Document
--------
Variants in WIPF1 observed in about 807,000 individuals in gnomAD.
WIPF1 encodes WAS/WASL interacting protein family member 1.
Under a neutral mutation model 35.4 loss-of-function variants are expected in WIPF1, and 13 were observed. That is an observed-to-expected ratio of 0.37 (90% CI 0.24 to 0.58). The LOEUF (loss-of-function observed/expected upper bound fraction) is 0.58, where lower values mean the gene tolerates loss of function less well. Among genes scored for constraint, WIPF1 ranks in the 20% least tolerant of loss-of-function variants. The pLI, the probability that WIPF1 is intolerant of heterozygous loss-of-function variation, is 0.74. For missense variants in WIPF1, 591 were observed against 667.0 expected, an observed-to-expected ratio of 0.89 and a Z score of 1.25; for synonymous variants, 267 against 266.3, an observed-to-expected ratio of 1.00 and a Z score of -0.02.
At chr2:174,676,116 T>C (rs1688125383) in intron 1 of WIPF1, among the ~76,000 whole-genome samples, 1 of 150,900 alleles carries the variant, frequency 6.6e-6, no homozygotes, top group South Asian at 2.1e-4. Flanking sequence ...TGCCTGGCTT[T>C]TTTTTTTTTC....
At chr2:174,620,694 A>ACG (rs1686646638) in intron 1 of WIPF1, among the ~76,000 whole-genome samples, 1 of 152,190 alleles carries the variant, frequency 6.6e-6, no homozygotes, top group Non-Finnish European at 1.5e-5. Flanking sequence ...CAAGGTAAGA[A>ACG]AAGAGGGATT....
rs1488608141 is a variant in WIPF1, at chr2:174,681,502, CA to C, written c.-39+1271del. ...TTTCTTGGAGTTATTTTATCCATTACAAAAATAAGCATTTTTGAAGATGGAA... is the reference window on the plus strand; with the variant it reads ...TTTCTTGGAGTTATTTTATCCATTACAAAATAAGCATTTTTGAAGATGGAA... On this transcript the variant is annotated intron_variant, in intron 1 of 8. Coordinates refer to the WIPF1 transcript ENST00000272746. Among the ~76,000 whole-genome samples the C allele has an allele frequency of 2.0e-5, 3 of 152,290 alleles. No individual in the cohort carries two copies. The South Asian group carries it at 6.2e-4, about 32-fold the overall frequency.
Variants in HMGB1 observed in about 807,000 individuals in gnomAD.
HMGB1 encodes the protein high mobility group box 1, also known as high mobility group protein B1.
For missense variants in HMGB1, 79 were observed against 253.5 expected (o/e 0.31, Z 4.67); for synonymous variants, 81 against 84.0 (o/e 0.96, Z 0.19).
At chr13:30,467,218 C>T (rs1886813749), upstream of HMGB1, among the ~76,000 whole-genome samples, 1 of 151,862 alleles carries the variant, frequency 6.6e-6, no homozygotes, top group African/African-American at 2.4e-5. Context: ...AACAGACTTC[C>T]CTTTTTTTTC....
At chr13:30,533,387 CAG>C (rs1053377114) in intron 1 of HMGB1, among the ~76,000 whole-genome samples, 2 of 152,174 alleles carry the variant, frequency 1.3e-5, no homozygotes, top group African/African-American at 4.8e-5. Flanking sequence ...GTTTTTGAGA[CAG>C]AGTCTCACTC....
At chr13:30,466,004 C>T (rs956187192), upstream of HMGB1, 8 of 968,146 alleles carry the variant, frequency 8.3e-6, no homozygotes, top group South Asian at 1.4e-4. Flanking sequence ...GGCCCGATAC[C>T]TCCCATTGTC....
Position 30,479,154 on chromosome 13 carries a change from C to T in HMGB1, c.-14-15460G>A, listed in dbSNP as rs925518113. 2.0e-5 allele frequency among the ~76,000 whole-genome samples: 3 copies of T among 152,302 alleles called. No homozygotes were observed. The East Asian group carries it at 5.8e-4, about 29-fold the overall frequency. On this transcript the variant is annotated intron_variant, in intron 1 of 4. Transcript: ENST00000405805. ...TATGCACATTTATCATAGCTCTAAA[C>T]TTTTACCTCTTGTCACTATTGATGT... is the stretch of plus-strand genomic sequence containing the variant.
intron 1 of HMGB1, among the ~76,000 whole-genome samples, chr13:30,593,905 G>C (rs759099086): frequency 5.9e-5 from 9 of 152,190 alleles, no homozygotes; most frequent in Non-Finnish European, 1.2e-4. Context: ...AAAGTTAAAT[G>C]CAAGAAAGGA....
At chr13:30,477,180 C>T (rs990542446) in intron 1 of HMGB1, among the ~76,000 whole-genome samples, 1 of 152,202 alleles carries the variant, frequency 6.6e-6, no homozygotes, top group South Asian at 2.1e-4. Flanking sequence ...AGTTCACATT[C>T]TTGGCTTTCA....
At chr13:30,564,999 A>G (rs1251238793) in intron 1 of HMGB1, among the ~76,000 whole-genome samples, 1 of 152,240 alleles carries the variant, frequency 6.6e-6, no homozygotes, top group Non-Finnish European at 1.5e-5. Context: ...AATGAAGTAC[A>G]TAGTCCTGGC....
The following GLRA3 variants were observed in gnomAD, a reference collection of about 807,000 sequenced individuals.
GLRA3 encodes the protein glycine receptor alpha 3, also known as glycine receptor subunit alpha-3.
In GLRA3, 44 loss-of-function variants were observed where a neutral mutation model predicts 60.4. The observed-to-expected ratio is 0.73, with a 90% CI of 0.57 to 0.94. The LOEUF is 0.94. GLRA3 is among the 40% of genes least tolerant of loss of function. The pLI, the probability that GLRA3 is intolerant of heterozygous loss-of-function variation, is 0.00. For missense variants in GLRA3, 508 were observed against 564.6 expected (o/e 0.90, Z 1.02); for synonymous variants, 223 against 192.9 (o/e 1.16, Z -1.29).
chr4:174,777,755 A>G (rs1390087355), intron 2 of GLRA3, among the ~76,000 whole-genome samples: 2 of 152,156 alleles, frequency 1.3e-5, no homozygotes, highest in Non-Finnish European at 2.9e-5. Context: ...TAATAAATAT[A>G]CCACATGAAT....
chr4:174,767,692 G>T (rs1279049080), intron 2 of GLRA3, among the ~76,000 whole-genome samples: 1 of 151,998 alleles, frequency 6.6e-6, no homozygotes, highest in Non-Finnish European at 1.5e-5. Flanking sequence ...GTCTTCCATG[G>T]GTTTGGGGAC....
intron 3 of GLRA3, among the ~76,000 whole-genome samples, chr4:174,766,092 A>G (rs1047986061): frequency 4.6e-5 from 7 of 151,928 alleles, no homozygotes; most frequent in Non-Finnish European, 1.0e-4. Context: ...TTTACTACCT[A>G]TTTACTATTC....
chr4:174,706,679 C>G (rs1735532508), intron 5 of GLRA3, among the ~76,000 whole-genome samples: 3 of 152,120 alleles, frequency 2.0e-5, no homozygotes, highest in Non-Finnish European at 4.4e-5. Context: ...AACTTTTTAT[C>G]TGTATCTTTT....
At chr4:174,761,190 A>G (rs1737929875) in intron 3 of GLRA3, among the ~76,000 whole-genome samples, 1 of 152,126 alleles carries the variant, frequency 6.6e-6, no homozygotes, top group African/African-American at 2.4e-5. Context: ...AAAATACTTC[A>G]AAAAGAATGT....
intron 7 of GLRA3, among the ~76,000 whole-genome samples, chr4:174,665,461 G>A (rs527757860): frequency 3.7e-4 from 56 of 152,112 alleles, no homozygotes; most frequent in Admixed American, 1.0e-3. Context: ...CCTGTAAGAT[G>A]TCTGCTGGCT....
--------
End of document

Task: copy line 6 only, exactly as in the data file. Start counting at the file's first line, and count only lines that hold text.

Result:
rs1488608141 is a variant in WIPF1, at chr2:174,681,502, CA to C, written c.-39+1271del. ...TTTCTTGGAGTTATTTTATCCATTACAAAAATAAGCATTTTTGAAGATGGAA... is the reference window on the plus strand; with the variant it reads ...TTTCTTGGAGTTATTTTATCCATTACAAAATAAGCATTTTTGAAGATGGAA... On this transcript the variant is annotated intron_variant, in intron 1 of 8. Coordinates refer to the WIPF1 transcript ENST00000272746. Among the ~76,000 whole-genome samples the C allele has an allele frequency of 2.0e-5, 3 of 152,290 alleles. No individual in the cohort carries two copies. The South Asian group carries it at 6.2e-4, about 32-fold the overall frequency.